Assemblyman Jeff Gorell, deployed since March with the Navy in Afghanistan, made a quick trip home last month during his one alloted R&R leave. Appropriately, he kept the trip very much under the radar. In fact, the only reason I'm able to report this is that he was spotted by happenstance at the Santa Barbara Zoo by an acquaintance in Ventura County who passed the information along to me.
I asked Gorell about the trip by email, and he confirmed the visit. "I spent the time with my family and avoided business/work because of the prohibitions place upon me from personally participating in any political and official legislative actiities, and because that seemed like the right thing to do," he wrote.
Exactly, A serviceman separated from his wife and young children for a year ought to spend all his few days of leave with his family.
His Assembly staff reports that they were aware of the visit, but that they had almost no communication with him while he was home.
Gorell, R-Camarillo, expressed some concern that, now that his visit home is publicly reported, some friends and supporters might have hurt feelings that he didn't get in touch. If so, they should get over it. He'll be home, he noted in the email dated last night, "exactly four months from today."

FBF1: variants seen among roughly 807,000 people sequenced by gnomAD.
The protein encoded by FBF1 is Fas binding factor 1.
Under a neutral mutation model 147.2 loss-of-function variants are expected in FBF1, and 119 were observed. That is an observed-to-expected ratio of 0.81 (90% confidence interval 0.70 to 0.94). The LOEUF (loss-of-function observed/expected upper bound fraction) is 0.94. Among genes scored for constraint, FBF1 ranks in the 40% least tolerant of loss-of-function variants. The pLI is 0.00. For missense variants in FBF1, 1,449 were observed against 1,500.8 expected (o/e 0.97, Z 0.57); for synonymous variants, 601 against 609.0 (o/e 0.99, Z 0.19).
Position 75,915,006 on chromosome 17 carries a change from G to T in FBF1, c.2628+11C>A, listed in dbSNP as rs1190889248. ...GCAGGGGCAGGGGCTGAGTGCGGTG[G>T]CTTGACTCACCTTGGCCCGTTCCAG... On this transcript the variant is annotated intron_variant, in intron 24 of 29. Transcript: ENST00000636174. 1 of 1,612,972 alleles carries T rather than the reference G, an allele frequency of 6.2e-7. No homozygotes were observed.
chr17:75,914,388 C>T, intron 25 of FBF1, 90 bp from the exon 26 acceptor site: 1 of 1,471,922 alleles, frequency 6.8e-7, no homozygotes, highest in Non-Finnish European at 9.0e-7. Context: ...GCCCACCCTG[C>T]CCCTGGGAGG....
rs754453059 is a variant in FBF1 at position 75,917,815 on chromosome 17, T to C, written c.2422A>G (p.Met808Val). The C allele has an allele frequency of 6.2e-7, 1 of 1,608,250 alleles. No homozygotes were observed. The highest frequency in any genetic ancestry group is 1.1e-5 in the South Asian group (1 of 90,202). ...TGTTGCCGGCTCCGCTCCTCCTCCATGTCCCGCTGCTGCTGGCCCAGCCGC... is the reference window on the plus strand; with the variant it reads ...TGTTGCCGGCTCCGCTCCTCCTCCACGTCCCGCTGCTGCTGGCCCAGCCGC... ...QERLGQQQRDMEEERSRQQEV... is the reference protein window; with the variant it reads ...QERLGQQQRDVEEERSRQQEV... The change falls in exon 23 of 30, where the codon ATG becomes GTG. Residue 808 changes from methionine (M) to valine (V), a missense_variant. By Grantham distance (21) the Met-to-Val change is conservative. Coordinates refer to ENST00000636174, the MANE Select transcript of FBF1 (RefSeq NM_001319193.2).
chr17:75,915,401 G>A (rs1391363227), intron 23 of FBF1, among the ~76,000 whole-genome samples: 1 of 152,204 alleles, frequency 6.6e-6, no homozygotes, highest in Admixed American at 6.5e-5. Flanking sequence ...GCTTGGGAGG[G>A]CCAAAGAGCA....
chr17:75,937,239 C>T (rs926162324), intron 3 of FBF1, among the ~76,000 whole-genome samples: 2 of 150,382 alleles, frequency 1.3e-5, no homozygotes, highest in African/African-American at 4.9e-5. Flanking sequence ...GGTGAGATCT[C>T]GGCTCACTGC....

From a political viewpoint, Gorell's absence has made it impossible for him to become involved in all the political speculation that is still swirling over the new 26th District congressional seat (who, ultimately, will run?) and the slight uncertainty over the fate of the new Senate districts (now the subject of a referendum that has been submitted with a whisker-thin margin for error, given the relatively few number of signatures). That hasn't kept others from speculating that Gorell might decide to run for Congress next year if Rep. Elton Gallegly does not, or for state Senate if Sen. Tony Strickland ends up running for Congress.
The bet here is that Gorell will run for re-election to the Assembly. After all, because of circumstances, he has to date served only three months in that job. And he is still a young man of 41 who will likely have other political opportunities in the future.